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Conservative think tank calls for power to be moved away from Holyrood to empower local communities

Scottish secretary Alister Jack and Iain Stewart MP (centre) with colleagues at UK Government offices in Edinburgh

Conservative think tank calls for power to be moved away from Holyrood to empower local communities

Cross-border investment funds should be "more ambitious" and the UK and Scottish governments must work better together, according to a former Scotland Office minister.

In a new paper for the think tank Onward, titled Beyond Holyrood, Iain Stewart MP says Growth Deals between UK, Scottish and local governments should be simplified, with elected "provosts" brought in to oversee how cash is spent.

Stewart, who served in the Scotland Office from June 2020 until September last year, states that "Holyrood has a tendency to be a centralising force in Scotland, especially under the current SNP administration" and that the Growth Deals in place across Scotland "embody the spirit of devolution by empowering local areas to set their own priorities for economic growth and how these relate to wider local needs" like housing.

The first generation of these deals ends in 2026 and Stewart, the MP for Milton Keynes South West, says they should be replaced with "bigger, simplified funds" with "better coordination" between Westminster and Holyrood.

And the report suggests these new deals should involve further political devolution through the creation of elected "provosts" to replace existing growth boards and act as figureheads for investment while improving accountability.

Stewart said: "Growth Deals 2.0 offer a huge opportunity for Scotland. They should be simplified and combined with other funds, with a single, bigger overall fund that will reduce inefficiency. The Westminster and Holyrood governments should better co-operate on how money is allocated, with clearer longer-term objectives, but otherwise maximise local autonomy on how money is spent."

In a foreword to the paper, Scottish secretary Alister Jack stated: "The Scottish public expects its two governments to work together constructively to address the issues that matter most to them."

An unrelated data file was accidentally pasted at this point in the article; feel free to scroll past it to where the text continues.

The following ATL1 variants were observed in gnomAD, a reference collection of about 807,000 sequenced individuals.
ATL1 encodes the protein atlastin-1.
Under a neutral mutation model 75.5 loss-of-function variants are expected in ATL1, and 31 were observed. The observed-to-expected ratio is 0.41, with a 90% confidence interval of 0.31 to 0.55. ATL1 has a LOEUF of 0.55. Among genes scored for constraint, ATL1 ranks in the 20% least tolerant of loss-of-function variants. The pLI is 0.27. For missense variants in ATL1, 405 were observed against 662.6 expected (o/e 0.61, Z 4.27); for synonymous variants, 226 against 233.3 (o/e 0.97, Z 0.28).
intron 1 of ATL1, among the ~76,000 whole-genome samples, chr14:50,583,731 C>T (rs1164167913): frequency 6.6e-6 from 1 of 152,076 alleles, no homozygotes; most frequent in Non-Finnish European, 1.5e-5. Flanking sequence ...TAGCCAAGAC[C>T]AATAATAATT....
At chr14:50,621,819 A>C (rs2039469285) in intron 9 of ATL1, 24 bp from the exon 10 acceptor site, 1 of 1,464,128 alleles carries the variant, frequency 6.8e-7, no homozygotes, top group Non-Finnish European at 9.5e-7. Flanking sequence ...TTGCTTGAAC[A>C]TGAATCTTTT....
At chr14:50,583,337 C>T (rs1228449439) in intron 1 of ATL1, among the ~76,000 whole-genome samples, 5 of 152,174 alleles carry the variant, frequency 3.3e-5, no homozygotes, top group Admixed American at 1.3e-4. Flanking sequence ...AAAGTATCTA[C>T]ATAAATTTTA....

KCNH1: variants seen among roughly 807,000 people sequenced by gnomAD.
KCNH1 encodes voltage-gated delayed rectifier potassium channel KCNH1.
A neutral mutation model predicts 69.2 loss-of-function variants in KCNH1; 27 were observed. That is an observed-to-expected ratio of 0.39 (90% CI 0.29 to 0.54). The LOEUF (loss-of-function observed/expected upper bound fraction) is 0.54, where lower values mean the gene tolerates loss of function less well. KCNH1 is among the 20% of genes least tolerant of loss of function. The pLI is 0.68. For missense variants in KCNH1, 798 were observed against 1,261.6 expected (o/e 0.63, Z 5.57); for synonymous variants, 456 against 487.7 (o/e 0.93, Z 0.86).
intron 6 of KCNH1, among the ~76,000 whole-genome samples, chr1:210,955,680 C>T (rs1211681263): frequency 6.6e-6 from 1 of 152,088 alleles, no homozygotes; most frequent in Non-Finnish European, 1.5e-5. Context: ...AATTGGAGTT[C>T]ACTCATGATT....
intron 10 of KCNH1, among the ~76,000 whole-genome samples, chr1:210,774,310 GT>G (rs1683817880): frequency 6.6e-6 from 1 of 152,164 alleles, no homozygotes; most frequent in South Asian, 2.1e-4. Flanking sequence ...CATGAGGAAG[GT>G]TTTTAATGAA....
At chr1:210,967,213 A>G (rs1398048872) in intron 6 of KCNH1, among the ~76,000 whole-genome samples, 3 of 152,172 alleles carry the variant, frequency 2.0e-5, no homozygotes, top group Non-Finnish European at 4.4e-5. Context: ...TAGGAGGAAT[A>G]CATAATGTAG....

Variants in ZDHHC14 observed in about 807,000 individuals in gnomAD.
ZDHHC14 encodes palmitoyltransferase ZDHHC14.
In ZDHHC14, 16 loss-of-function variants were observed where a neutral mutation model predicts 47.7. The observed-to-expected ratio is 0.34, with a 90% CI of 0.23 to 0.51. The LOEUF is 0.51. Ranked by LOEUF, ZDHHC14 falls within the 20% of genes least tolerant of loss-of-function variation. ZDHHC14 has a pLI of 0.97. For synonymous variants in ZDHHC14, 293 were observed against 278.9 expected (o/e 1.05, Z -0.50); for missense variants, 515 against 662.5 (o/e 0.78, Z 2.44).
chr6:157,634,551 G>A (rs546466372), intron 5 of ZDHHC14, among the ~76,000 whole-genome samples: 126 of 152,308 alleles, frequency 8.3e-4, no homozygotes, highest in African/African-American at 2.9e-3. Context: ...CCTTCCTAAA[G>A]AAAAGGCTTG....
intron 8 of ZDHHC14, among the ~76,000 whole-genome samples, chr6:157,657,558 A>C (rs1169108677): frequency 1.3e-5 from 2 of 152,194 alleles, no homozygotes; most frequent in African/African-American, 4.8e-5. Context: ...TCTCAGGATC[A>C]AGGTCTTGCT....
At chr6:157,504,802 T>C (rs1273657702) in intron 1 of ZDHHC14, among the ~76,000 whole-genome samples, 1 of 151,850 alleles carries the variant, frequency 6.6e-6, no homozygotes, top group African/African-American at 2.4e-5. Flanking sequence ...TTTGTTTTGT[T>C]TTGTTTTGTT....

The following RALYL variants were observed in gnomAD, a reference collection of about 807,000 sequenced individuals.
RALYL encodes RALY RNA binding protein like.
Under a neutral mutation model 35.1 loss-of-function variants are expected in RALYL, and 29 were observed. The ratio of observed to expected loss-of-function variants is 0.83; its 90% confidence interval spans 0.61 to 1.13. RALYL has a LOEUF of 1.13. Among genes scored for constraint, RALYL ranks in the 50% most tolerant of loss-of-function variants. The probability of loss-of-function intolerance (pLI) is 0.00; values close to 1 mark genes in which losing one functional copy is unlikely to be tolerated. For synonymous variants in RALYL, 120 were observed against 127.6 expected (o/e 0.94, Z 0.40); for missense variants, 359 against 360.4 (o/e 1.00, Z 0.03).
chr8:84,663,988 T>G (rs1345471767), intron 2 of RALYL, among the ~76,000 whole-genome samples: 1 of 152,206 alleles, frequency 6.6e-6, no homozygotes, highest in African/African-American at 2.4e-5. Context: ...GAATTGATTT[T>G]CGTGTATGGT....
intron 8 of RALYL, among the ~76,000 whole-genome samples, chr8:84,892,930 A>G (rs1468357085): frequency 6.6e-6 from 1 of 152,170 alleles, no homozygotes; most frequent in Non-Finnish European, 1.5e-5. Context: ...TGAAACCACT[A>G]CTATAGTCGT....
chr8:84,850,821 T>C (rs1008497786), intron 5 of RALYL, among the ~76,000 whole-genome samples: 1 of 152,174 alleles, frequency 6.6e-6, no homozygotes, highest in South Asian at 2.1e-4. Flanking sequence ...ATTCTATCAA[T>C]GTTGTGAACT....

He went on: "Over the next few years, we have a great opportunity to widen and deepen the current package of growth deals. The first agreements will conclude in 2026 and the current funding package for levelling-up runs until 2025. It is the right time to plan the next stage. I want to see a healthy debate about how we can best evolve the underlining principles of growth deals and levelling up."

Onward aims to "address the needs" of the whole of the UK, "particularly places that feel neglected or ignored in Westminster".

Its director Sebastian Payne commented: "The trend in Scotland since the creation of the Scottish Parliament has been to centralise significant areas of public service, from police to fire and transport, often with bad results. Directly-elected 'provosts' can champion their areas and promote investment — echoing the success of the mayoral devolution in England. These provosts can ensure that the economic needs of local areas are not overly dominated by Holyrood and the Scottish Government."

Responding to the paper, Scottish wellbeing economy secretary Neil Gray said: "Since 2016, the UK Government has launched a systematic attack on democratic sovereignty of Scotland’s Parliament – with the Internal Market Act, the use of Section 35 and the attempted block of the Deposit Return Scheme only a few of these Westminster power grabs.

"It is simply astonishing that two senior Tories, who have served in the Scotland Office, have the brass neck to now call for further devolution. These proposals aren’t worth the paper they are written on.  

"While the Scottish Government will always work with willing partners to strengthen our economy, the stark reality is that the investment offered by Growth Deals and the Levelling Up Fund do not fill the black hole of funding left when Scotland was dragged out of the European Union against its will.

"On top of Brexit, the impact of Westminster’s cost-of-living-crisis is crippling communities across Scotland – these proposals do not go nearly far enough in this regard.

"Of course, the Scottish Government will continue to engage constructively with UK Government ministers to consider how we work together to empower local economies and enable drive forward our shared ambitions.

"However, the only way for Scotland’s economy to realise its full potential is with the full powers of independence which will enable us to rejoin the European Union, and the world’s largest single market, and build a wellbeing economy that works in the interests of workers and our local communities."

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